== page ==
The_Deep wrote: »
    but on no account say "I paid" as that will give away the fact that you were the driver.


    How so? OP could have been the passenger. A logical fallacy old fruit, affirming a disjunct.


    Yes, the OP could have been a passenger, but the PPC will assume anyone saying "I paid" was the driver. Whether or not the OP was in fact a passenger or at home watching TV is irrelevant in the eyes of a parking scumpany. They will assume the worst so it is best to avoid giving the opportunity to twist words.



    There are several meanings of the word disjunct. I don't understand your use of this word.
    I married my cousin. I had to...
    I don't have a sister. :D
    All my screwdrivers are cordless.
    "You're Safety Is My Primary Concern Dear" - Laks
  • The_DeepThe_Deep Forumite
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    ... but the PPC will assume anyone saying "I paid" was the driver.

    Once again Fruitcake you are making unsupported assumptions, this time about other peoples' assumptions. Please stop, it is lazy thinking. In any case, who cares what other people may assume, it is what they can prove to a judge that matters.
    You never know how far you can go until you go too far.
  • prowlaprowla Forumite
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    But the advice is do not identify yourself as anything other than the keeper.
  • prowlaprowla Forumite
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    Incidentally, after a "fluttering ticket" incident in Brighton, I've taken to carrying a clothes peg in the car, which I use to hold the ticket on the dashboard (on the rare occasions I go somewhere where you have to pay to park).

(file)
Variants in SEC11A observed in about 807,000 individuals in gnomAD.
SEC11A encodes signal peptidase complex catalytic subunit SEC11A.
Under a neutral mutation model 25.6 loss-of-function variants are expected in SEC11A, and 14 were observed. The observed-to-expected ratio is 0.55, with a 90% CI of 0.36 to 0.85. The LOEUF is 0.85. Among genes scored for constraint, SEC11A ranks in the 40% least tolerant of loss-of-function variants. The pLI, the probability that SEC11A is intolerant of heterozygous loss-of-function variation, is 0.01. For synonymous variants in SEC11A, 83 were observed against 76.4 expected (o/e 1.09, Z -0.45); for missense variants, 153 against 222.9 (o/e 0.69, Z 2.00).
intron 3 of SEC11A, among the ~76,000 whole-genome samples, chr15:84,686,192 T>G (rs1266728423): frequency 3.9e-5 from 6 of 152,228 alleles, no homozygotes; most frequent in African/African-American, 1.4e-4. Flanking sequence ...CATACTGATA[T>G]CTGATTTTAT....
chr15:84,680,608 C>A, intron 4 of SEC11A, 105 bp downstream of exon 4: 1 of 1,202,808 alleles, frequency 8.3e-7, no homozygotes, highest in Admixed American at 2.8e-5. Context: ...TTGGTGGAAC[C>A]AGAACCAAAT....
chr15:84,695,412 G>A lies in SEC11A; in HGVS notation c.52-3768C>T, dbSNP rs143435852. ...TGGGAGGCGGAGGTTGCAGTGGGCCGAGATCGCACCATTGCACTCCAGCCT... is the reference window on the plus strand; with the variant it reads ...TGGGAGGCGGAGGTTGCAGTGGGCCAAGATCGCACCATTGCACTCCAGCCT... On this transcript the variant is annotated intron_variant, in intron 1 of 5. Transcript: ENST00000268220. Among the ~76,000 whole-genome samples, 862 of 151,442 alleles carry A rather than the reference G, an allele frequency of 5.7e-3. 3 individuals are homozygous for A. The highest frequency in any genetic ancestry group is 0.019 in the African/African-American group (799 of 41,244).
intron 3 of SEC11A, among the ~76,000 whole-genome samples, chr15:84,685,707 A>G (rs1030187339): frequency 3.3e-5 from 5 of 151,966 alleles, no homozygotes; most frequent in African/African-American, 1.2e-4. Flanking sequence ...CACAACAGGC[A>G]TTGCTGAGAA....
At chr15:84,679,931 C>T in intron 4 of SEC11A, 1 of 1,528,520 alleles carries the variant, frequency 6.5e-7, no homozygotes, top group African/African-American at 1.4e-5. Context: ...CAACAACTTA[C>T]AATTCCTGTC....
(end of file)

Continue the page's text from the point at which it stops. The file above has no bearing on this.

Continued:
• HerzlosHerzlos Forumite
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    The_Deep wrote: »
    ... but the PPC will assume anyone saying "I paid" was the driver.

    Once again Fruitcake you are making unsupported assumptions, this time about other peoples' assumptions. Please stop, it is lazy thinking. In any case, who cares what other people may assume, it is what they can prove to a judge that matters.

    When you're dealing with companies who are happy to lie and cheat, you want to give them as little to go on as possible. Sure, the keeper may have been a passenger, but if they paid for the ticket you can twist it to mean that they've accepted liability for not doing it correctly.

    If you tell a PPC "I paid for a ticket", they are going to read that as admission that you are the driver / responsible, and they will then decide they don't need POFA.

    It adds exactly nothing to your case, and makes it more likely for them to continue to harrass you, so why would you do it beyond making some sort of pedantic point?
  • The_DeepThe_Deep Forumite
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    If you tell a PPC "I paid for a ticket", they are going to read that as admission that you are the driver / responsible, and they will then decide they don't need POFA.


    Then they would be wrong , and you would have yet another stick with which to beat them.
    You never know how far you can go until you go too far.